The Dominican Republic made quick work of the opposition in the World Baseball Classic. The Dominicans won eight straight games, including a 3-0 victory over Puerto Rico, to claim their first WBC title in San Francisco's AT&T Park on Tuesday evening.
This one started out the same way that most WBC games did—with runs scored in the first inning. Following another trend, the starting pitching settled down from then on.
Well, for the most part.
After allowing a leadoff hit to Puerto Rico's Angel Pagan, D.R. pitcher Samuel Deduno retired the next three batters and got out of the first inning unscathed.
Puerto Rican pitcher Giancarlo Alvarado wasn't quite as lucky.
Jose Reyes took a 1-1 pitch to deep right for a no-out double. One batter later, Erick Aybar sacrificed to move Reyes to third base. Alvarado then intentionally walked the red-hot Robinson Cano, which proved to be a disastrous decision as Edwin Encarnacion blasted a 1-0 pitch for a two-run double.
That's all the run support that Deduno would need.
The Puerto Ricans were stifled with Deduno on the mound, as he held them scoreless for five innings. Not only could they not score, but they tallied just two hits.
Fortunately for Puerto Rico, Alvarado closed out strong and kept the D.R. scoreless over the next three innings.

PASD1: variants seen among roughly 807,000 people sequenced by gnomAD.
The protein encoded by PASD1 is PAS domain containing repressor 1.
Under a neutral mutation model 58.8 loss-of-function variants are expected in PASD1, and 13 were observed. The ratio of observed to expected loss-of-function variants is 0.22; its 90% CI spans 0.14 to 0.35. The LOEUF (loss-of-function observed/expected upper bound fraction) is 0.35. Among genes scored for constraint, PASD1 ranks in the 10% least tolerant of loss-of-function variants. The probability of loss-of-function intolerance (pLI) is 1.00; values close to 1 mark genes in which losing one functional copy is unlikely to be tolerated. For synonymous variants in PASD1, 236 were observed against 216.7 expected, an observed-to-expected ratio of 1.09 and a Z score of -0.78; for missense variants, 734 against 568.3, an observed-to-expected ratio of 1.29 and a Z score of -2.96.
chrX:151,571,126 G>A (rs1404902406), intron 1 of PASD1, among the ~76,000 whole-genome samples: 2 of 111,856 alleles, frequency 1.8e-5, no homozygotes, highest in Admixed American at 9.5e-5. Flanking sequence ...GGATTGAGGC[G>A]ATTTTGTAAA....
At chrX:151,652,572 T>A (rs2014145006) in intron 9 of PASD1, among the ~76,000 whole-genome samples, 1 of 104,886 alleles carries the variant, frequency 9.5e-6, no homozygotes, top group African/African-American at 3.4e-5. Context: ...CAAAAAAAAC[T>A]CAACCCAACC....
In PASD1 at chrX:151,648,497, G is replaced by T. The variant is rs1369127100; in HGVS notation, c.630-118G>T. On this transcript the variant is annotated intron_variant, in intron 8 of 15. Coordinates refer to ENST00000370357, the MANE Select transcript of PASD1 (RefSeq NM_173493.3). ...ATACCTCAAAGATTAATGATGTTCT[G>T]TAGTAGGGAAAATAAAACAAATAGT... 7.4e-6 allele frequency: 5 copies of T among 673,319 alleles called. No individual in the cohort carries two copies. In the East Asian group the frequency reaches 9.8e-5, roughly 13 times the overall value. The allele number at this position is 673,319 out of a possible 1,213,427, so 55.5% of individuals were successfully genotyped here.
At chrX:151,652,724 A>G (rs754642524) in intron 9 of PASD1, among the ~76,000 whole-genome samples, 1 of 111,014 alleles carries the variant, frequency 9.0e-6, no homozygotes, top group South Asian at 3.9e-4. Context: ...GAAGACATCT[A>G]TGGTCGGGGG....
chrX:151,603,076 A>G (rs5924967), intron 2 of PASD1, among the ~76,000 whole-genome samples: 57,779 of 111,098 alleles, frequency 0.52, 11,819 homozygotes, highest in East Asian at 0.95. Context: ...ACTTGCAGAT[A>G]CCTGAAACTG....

In the bottom of the fifth, Hiram Burgess came on to replace Alvarado. After Burgess recorded a quick strikeout, Alejandro De Aza caught the opposition sleeping with a bunt single.
Two batters later, Aybar struck with a double to push the lead to 3-0.
That lead would remain intact until the final out, as the Deduno and four relievers would go on to record a collective shutout.
The team's offense garners most of the headlines, but the D.R. won the WBC by virtue of its pitching.
Player of the Game: Samuel Deduno, Dominican Republic: A
Samuel Deduno stepped out onto the mound with a chance to achieve legendary status with a win in the WBC final. You couldn't have asked him to pitch a better game.
Deduno held Puerto Rico's powerful lineup scoreless through five innings, dropping his WBC ERA to 0.69. He struck out five batters while surrendering just two hits and walking three.
Giancarlo Alvarado, Puerto Rico: F
Giancarlo Alvarado struggled out of the gate. He allowed Jose Reyes to rocket a leadoff double, intentionally walked Robinson Cano and watched Edwin Encarnacion blast a two-run double to cap off a disheartening first-inning rally.
After closing out that frame, that was that. Alvarado was pulled.
Erick Aybar, Dominican Republic: A
Erick Aybar was absolutely sensational for the Dominican Republic. From veteran plays to clutch hits, the Los Angeles Angel was huge.
It all started with a sacrifice in the first inning to move Jose Reyes to third base.
After that at-bat, Aybar was virtually perfect. He reached base during two of his following three at-bats, including an RBI double during the fifth inning.
A marvelous outing by this D.R. veteran.
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